Rewards, which follow an occurrence of a specific behaviour with the intention of acknowledging the behaviour in a positive way and intent of encouraging the behaviour to happen again, can be a self-generated fulfilment, self-managed reinforcement or a management or reinforcement by others, such as social approval and praise or when it is given in the form of sweets, money or permission to take part in some enjoyed activity (Smith and Laslett, 1993).
Punishment, on the other hand, is a method to change or curb behaviour. It involves an unpleasant consequence or removing certain rewards or privileges (Smith and Laslett, 1993). It is effective if those who are punished had learnt what they had done wrong and they must fear future punishments.
In my opinion, rewards and punishments should be used to motivate students’ learning according to their needs and personalities of the students. Rewards and punishments have immediate effects and it can be used to reinforce behaviours. Yet, rewards and punishments can be mistakably viewed as the main reason an individual works hard for, instead of the original purpose of learning and completing an activity. Thus, rewards and punishments should be used with moderation and appropriately.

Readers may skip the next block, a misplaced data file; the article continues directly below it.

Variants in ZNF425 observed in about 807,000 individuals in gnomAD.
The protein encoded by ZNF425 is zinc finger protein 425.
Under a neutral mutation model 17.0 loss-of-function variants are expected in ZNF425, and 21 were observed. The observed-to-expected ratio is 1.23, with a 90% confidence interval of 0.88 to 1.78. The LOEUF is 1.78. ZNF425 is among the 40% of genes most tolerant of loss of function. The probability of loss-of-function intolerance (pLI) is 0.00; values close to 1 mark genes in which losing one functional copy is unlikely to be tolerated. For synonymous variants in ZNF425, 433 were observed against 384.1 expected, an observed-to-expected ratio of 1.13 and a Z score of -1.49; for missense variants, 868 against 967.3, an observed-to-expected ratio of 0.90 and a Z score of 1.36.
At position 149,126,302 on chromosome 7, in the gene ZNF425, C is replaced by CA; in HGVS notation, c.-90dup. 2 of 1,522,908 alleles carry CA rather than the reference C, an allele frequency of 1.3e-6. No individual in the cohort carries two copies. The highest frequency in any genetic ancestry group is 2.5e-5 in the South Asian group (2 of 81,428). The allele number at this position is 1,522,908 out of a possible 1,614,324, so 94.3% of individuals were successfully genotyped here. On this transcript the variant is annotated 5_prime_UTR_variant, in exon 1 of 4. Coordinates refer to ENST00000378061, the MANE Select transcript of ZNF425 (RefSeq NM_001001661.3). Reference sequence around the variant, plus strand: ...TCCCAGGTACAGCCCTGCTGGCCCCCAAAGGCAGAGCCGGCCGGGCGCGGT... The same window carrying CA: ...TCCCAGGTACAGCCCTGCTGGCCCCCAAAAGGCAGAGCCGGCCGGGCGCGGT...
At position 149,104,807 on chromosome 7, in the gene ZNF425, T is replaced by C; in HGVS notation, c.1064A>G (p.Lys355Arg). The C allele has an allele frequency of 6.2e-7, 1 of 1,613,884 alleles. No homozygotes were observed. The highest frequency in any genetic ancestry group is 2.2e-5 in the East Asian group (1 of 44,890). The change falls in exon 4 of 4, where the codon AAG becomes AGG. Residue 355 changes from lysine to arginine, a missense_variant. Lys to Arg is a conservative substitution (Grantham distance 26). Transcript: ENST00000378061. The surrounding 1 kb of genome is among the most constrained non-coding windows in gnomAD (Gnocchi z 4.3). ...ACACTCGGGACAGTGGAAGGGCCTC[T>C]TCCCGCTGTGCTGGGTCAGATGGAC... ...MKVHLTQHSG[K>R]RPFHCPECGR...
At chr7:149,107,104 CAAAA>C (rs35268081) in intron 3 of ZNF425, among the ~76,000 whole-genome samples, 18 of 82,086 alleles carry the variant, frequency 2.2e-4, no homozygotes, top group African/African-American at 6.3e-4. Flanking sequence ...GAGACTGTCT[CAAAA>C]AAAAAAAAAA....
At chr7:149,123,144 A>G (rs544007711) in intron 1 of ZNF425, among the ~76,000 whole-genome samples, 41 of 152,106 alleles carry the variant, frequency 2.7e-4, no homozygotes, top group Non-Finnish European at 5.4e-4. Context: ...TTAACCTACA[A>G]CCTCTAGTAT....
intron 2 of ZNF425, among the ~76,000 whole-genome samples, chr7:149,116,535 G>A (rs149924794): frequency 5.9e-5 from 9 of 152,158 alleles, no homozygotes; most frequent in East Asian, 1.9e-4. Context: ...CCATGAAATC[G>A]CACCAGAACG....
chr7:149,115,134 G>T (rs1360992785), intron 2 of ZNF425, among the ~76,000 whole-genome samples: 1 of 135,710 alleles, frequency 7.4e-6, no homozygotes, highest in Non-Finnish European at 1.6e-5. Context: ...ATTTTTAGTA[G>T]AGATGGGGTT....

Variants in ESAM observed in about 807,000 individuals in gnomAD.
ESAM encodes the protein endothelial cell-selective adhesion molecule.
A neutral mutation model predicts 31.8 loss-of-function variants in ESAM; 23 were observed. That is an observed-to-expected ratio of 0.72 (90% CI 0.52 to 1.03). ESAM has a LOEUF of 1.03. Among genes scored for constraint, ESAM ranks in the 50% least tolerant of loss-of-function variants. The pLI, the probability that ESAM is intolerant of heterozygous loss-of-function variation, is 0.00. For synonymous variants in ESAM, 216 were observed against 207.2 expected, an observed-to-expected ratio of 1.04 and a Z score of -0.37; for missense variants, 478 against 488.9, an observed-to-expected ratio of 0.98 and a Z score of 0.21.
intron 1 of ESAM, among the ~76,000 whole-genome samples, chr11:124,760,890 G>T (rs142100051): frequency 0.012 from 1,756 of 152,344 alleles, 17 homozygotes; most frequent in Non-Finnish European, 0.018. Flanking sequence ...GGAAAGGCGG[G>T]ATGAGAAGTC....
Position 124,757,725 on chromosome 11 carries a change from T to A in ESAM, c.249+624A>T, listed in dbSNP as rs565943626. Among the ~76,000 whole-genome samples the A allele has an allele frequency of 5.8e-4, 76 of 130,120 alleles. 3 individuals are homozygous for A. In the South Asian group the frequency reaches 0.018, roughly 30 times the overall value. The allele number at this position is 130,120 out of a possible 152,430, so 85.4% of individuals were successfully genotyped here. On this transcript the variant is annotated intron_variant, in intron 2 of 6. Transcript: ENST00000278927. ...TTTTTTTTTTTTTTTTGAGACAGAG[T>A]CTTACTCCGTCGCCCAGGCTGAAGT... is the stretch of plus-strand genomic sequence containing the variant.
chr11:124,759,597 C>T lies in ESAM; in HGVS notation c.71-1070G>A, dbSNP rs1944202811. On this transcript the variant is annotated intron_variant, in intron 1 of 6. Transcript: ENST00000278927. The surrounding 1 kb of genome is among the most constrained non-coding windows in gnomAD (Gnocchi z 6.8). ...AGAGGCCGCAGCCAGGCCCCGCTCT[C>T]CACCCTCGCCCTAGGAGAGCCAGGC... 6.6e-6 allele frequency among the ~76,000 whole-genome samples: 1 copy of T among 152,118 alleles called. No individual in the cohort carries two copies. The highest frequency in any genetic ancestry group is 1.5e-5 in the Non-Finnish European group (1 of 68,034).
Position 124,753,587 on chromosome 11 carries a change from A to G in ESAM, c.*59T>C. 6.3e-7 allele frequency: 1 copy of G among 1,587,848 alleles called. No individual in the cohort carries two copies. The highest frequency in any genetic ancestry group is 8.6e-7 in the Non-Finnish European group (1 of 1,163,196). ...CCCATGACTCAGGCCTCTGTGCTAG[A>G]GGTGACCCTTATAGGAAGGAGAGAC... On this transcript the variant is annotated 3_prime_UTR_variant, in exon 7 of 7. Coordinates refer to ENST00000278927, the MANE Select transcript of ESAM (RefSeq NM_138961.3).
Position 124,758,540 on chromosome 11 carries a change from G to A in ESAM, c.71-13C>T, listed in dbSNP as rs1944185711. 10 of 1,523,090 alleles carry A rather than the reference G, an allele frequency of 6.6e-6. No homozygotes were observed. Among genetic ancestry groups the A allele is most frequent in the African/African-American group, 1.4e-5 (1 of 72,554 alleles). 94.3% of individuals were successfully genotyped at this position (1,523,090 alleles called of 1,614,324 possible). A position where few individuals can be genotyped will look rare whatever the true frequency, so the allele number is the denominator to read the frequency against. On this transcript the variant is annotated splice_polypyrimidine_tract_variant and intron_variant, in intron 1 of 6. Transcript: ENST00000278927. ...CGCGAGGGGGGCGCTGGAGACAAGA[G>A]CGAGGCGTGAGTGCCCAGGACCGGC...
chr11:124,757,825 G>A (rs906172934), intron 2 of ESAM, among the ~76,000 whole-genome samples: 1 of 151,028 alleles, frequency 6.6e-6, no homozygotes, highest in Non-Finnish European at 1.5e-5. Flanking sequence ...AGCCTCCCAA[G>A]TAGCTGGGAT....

Student motivation "refers to a student's willingness, need, desire and compulsion to participate in, and be successful in, the learning process" (Bomia et al., 1997, p. 1). Skinner and Belmont (1991) added that students who are motivated to engage in school "select tasks at the border of their competencies, initiate action when given the opportunity, and exert intense effort and concentration in the implementation of learning tasks; they show generally positive emotions during ongoing action, including enthusiasm, optimism, curiosity, and interest" (Skinner & Belmont, 1991, p. 3).
Motivation is often categorized into two generic types: extrinsic and intrinsic (Deci & Ryan, 1985; Lepper & Green, 1978). Extrinsic motivation is when...